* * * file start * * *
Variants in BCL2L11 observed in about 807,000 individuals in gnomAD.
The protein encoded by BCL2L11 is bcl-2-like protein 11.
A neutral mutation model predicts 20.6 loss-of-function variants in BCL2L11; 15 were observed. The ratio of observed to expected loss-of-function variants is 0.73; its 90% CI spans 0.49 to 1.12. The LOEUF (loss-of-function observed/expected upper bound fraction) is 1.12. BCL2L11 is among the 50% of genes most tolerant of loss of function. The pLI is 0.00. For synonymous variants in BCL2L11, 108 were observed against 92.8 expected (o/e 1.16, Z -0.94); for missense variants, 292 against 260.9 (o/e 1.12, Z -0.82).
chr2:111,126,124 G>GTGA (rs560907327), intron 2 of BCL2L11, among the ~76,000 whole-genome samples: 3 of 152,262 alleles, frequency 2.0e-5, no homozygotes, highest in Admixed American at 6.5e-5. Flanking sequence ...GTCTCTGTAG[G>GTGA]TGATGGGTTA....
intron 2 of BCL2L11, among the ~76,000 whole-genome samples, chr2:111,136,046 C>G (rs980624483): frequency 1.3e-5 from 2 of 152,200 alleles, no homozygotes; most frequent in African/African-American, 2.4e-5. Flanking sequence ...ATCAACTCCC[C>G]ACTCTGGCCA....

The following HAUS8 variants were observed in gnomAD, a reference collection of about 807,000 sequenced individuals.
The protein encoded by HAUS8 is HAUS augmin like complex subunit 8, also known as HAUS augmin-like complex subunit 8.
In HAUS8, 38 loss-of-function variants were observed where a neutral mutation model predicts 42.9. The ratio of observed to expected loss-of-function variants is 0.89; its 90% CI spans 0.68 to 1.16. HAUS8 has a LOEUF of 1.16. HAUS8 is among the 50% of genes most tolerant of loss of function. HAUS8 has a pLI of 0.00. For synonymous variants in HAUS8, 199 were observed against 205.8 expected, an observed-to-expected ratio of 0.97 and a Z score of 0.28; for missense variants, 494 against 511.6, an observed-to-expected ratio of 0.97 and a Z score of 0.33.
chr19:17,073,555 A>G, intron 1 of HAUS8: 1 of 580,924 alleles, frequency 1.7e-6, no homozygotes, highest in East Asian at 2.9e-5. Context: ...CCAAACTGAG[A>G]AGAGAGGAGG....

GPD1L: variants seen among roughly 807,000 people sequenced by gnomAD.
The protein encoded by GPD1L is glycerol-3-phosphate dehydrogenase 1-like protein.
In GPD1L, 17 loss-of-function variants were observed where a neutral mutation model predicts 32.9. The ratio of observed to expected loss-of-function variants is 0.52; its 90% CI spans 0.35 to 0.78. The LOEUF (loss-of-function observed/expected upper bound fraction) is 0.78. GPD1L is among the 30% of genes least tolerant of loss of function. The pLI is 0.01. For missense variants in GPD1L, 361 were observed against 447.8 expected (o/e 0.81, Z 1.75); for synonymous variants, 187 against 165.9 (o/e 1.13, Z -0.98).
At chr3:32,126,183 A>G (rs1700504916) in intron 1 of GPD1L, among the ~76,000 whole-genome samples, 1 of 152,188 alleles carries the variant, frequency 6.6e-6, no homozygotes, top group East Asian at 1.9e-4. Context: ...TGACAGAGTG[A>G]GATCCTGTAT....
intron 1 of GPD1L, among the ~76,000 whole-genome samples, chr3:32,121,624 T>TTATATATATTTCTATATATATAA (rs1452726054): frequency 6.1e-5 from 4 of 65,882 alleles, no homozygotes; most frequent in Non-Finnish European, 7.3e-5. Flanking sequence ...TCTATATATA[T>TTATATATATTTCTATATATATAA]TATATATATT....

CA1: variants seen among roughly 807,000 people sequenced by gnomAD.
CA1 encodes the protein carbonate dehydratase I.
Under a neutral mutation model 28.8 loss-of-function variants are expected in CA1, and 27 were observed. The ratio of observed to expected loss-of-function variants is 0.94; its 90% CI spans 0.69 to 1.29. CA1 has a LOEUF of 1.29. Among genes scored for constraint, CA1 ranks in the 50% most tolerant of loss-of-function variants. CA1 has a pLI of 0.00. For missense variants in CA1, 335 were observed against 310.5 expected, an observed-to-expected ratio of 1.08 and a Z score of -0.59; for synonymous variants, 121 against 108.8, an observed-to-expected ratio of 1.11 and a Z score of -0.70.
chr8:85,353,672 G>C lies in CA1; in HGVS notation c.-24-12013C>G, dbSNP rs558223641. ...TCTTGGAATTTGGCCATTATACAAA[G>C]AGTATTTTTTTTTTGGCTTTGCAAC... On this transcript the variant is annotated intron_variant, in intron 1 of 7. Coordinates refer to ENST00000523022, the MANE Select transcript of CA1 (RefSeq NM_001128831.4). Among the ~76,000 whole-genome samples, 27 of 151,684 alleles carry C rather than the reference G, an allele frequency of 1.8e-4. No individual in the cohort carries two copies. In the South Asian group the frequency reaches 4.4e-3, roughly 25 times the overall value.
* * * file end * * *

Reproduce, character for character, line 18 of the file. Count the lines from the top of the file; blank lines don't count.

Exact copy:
chr8:85,353,672 G>C lies in CA1; in HGVS notation c.-24-12013C>G, dbSNP rs558223641. ...TCTTGGAATTTGGCCATTATACAAA[G>C]AGTATTTTTTTTTTGGCTTTGCAAC... On this transcript the variant is annotated intron_variant, in intron 1 of 7. Coordinates refer to ENST00000523022, the MANE Select transcript of CA1 (RefSeq NM_001128831.4). Among the ~76,000 whole-genome samples, 27 of 151,684 alleles carry C rather than the reference G, an allele frequency of 1.8e-4. No individual in the cohort carries two copies. In the South Asian group the frequency reaches 4.4e-3, roughly 25 times the overall value.